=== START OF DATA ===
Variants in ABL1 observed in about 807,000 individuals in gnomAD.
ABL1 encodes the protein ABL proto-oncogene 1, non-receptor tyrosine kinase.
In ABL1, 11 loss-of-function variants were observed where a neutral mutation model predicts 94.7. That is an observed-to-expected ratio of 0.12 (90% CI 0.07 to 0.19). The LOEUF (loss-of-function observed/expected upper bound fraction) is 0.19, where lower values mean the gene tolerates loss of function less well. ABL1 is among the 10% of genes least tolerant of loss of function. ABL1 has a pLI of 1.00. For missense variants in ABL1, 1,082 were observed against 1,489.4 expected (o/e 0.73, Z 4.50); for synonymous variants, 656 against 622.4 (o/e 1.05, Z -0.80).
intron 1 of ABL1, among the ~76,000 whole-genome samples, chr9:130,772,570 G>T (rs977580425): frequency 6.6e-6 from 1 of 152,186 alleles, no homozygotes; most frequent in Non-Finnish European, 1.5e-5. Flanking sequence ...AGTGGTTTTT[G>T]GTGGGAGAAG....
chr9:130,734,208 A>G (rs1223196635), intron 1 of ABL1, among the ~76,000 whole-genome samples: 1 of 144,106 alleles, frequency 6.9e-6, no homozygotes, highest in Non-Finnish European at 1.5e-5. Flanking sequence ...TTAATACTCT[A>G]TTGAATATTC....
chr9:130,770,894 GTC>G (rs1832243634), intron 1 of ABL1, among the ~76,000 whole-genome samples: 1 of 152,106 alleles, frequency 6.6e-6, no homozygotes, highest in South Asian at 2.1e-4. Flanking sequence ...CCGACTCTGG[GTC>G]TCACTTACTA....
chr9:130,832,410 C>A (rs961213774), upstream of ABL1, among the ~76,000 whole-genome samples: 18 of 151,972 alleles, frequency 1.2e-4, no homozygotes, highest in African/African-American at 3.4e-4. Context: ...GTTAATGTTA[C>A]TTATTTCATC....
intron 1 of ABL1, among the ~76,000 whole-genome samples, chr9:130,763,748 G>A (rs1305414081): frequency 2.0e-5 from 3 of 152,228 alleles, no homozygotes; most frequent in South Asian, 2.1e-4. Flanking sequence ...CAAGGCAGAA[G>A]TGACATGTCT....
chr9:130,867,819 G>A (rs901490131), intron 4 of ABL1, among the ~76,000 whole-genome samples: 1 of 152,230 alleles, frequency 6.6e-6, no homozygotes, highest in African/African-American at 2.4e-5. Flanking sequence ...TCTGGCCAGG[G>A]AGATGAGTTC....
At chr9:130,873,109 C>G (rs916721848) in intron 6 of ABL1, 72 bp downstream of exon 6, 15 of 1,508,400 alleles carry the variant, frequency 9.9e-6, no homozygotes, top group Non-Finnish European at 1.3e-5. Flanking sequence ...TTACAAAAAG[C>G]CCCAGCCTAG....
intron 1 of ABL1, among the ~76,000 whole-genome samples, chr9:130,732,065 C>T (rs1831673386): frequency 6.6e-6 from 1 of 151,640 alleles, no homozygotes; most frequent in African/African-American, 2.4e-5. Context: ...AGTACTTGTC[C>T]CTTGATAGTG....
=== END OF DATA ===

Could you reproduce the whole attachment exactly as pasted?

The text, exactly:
Variants in ABL1 observed in about 807,000 individuals in gnomAD.
ABL1 encodes the protein ABL proto-oncogene 1, non-receptor tyrosine kinase.
In ABL1, 11 loss-of-function variants were observed where a neutral mutation model predicts 94.7. That is an observed-to-expected ratio of 0.12 (90% CI 0.07 to 0.19). The LOEUF (loss-of-function observed/expected upper bound fraction) is 0.19, where lower values mean the gene tolerates loss of function less well. ABL1 is among the 10% of genes least tolerant of loss of function. ABL1 has a pLI of 1.00. For missense variants in ABL1, 1,082 were observed against 1,489.4 expected (o/e 0.73, Z 4.50); for synonymous variants, 656 against 622.4 (o/e 1.05, Z -0.80).
intron 1 of ABL1, among the ~76,000 whole-genome samples, chr9:130,772,570 G>T (rs977580425): frequency 6.6e-6 from 1 of 152,186 alleles, no homozygotes; most frequent in Non-Finnish European, 1.5e-5. Flanking sequence ...AGTGGTTTTT[G>T]GTGGGAGAAG....
chr9:130,734,208 A>G (rs1223196635), intron 1 of ABL1, among the ~76,000 whole-genome samples: 1 of 144,106 alleles, frequency 6.9e-6, no homozygotes, highest in Non-Finnish European at 1.5e-5. Flanking sequence ...TTAATACTCT[A>G]TTGAATATTC....
chr9:130,770,894 GTC>G (rs1832243634), intron 1 of ABL1, among the ~76,000 whole-genome samples: 1 of 152,106 alleles, frequency 6.6e-6, no homozygotes, highest in South Asian at 2.1e-4. Flanking sequence ...CCGACTCTGG[GTC>G]TCACTTACTA....
chr9:130,832,410 C>A (rs961213774), upstream of ABL1, among the ~76,000 whole-genome samples: 18 of 151,972 alleles, frequency 1.2e-4, no homozygotes, highest in African/African-American at 3.4e-4. Context: ...GTTAATGTTA[C>A]TTATTTCATC....
intron 1 of ABL1, among the ~76,000 whole-genome samples, chr9:130,763,748 G>A (rs1305414081): frequency 2.0e-5 from 3 of 152,228 alleles, no homozygotes; most frequent in South Asian, 2.1e-4. Flanking sequence ...CAAGGCAGAA[G>A]TGACATGTCT....
chr9:130,867,819 G>A (rs901490131), intron 4 of ABL1, among the ~76,000 whole-genome samples: 1 of 152,230 alleles, frequency 6.6e-6, no homozygotes, highest in African/African-American at 2.4e-5. Flanking sequence ...TCTGGCCAGG[G>A]AGATGAGTTC....
At chr9:130,873,109 C>G (rs916721848) in intron 6 of ABL1, 72 bp downstream of exon 6, 15 of 1,508,400 alleles carry the variant, frequency 9.9e-6, no homozygotes, top group Non-Finnish European at 1.3e-5. Flanking sequence ...TTACAAAAAG[C>G]CCCAGCCTAG....
intron 1 of ABL1, among the ~76,000 whole-genome samples, chr9:130,732,065 C>T (rs1831673386): frequency 6.6e-6 from 1 of 151,640 alleles, no homozygotes; most frequent in African/African-American, 2.4e-5. Context: ...AGTACTTGTC[C>T]CTTGATAGTG....